Many medical professionals, including Scott, want the FDA to step in and regulate stem cell therapies, especially since their effectiveness is as yet unproven. On the other hand, some commentators fear FDA control will limit stem cell therapies so that people will seek riskier treatment elsewhere.


Nature News Blog | 26 July 2012
Regenexx |
Courthouse News Service | 26 July 2012
New Scientist | 25 July 2012
Scribd | 23 July 2012


21 September 2015 - by Paul Waldron 
The Food and Drug Administration must do more to control clinics offering unproven stem cell treatments in the USA, say scientists.... [Read More]
07 January 2013 - by Dr Linda Wijlaars 
Bone fragments were removed from the eyelid of a woman after a facelift that used her own stem cells yielded some unexpected results... [Read More]
12 November 2012 - by Dr Daniel Grimes 
A biotechnology company has come under fire after reporting success of its 'life-saving' stem cell based therapies ahead of a major stock sale, which occurred before investors became aware of news that a patient who had received its treatment had died.... [Read More]
03 September 2012 - by Victoria Kay 
The US Court of Appeals has upheld a ruling permitting the use of federal funds for research involving human embryonic stem cells.... [Read More]

06 February 2012 - by Maria Botcharova 
A clinic in California has announced that its doctors are licensed and trained to carry out a stem cell treatment for chronic pain. Meanwhile, the US Food and Drug Administration (FDA) is pursuing a lawsuit against Regenerative Sciences, the company that developed the technique... [Read More]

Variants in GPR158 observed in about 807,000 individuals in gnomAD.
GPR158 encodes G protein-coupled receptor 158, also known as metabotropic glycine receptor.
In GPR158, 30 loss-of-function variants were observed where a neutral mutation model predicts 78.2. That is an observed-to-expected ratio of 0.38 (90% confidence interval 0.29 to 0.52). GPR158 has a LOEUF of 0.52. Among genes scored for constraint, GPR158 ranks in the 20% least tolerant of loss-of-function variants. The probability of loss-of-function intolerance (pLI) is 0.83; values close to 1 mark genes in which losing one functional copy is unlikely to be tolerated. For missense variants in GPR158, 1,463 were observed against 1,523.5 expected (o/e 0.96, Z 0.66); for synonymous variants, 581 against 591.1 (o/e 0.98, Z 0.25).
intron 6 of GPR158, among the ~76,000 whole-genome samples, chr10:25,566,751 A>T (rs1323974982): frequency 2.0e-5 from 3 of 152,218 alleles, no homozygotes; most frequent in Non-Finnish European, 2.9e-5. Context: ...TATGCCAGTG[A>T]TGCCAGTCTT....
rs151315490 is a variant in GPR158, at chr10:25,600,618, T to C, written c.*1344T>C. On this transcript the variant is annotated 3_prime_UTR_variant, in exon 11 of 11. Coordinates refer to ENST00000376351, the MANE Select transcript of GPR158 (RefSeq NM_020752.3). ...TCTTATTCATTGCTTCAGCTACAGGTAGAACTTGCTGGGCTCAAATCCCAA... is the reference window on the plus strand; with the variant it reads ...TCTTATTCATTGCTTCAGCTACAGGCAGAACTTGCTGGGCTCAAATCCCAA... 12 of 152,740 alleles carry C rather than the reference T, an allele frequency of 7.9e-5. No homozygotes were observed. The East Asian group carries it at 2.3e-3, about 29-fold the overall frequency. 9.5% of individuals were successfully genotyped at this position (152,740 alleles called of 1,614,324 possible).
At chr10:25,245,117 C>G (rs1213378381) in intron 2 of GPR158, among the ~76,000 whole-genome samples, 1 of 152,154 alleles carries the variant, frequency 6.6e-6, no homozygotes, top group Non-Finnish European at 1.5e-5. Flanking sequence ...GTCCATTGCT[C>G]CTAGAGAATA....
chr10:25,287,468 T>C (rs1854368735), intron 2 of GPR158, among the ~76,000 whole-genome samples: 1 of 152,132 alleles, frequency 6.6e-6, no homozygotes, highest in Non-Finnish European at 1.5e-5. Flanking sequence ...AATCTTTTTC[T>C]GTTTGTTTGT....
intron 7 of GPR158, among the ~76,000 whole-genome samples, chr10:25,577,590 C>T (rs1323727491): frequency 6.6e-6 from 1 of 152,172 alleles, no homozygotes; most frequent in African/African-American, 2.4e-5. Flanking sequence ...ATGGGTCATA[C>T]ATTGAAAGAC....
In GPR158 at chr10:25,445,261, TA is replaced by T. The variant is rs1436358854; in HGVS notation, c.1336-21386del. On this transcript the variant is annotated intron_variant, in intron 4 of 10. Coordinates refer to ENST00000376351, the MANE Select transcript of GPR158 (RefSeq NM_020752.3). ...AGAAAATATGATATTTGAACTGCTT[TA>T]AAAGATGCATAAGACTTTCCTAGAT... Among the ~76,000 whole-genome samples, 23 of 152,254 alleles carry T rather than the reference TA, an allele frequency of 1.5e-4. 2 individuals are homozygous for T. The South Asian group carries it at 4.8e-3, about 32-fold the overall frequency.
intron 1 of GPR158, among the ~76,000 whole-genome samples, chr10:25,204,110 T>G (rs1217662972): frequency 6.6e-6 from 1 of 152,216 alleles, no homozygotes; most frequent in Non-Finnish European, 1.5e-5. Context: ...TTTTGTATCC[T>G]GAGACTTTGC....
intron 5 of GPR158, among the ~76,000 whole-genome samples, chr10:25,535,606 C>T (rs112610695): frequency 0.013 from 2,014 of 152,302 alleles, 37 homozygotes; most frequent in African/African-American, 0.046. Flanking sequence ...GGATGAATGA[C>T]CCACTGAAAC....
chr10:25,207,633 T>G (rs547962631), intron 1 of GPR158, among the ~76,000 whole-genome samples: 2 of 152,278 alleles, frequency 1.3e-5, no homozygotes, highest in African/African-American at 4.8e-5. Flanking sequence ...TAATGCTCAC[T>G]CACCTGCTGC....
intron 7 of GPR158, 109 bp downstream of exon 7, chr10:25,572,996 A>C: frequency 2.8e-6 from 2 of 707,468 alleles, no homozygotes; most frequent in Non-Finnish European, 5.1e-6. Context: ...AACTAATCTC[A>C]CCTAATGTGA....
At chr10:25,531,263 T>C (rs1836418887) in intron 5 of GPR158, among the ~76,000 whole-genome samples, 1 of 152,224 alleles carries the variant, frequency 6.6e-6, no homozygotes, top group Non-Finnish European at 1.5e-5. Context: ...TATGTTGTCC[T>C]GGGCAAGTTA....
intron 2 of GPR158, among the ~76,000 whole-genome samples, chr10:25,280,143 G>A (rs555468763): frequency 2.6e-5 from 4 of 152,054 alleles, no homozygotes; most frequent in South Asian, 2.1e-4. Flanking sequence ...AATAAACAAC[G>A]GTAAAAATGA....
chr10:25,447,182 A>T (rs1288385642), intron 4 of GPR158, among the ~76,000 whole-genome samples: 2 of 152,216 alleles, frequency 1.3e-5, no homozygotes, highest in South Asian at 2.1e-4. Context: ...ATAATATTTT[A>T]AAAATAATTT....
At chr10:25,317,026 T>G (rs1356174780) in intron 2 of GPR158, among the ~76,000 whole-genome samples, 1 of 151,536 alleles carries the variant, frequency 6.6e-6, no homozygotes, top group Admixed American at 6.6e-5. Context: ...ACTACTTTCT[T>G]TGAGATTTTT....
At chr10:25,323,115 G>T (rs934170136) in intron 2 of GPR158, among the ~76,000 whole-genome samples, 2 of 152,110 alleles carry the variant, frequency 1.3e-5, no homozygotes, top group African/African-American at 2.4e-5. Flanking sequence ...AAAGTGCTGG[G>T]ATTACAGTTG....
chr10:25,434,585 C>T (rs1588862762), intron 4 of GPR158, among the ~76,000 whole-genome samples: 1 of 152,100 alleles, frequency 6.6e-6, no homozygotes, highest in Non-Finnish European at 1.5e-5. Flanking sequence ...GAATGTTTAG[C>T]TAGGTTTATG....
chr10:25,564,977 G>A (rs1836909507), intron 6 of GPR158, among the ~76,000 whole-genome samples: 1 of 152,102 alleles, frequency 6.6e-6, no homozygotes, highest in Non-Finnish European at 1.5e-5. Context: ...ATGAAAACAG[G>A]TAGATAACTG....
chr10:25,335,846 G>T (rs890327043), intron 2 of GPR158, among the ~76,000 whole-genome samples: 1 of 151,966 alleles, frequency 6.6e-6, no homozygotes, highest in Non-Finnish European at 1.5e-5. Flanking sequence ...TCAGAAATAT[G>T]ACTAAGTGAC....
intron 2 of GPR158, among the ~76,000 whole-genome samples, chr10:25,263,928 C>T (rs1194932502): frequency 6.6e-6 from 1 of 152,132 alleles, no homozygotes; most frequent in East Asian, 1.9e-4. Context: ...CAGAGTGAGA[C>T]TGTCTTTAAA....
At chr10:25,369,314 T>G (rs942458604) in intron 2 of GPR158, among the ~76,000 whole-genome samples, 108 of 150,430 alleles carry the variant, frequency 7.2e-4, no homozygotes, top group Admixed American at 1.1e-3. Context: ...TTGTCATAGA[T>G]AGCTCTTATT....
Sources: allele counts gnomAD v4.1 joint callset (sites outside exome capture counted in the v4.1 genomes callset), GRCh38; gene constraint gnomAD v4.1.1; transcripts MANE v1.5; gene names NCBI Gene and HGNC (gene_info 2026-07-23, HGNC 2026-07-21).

23 August 2010 - by Nishat Hyder 
The US Food and Drug Administration (FDA) has demanded a federal injunction from the US District Court of the District of Columbia to stop Regenerative Sciences (a Colorado based stem cell clinic) from using patients' own stem cells as medicinal treatment... [Read More]
08 March 2010 - by Harriet Vickers 
A US company has been granted beneficial 'orphan drug' status by the American Food and Drug Administration (FDA) for an embryonic stem cell therapy it's developing to treat a rare form of blindness... [Read More]
10 January 2010 - by Dr Vivienne Raper 
Scientist and patient groups want more safeguards to prevent clinics in the UK from offering unproven stem cell treatments, according to the Guardian newspaper. The calls come as a Harley Street doctor - Robert Trossel - comes before the General Medical Council (GMC) accused of misconduct, the newspaper reports. According to the Guardian, the upcoming GMC hearing will consider allegations that he offered, and made false claims about, stem cell therapy. Dr Trossel is accused of ... [Read More]

US court ruling frees regulator to police stem cell therapies (willsmith - Updated on 13/11/2012)
Personally everyone wants to get resolve from the problems , making legal about stem cell to a limitation will be fine . but its not that easy to maintain once the permission is given so i feel as per medical usage its should be permit not for other purposes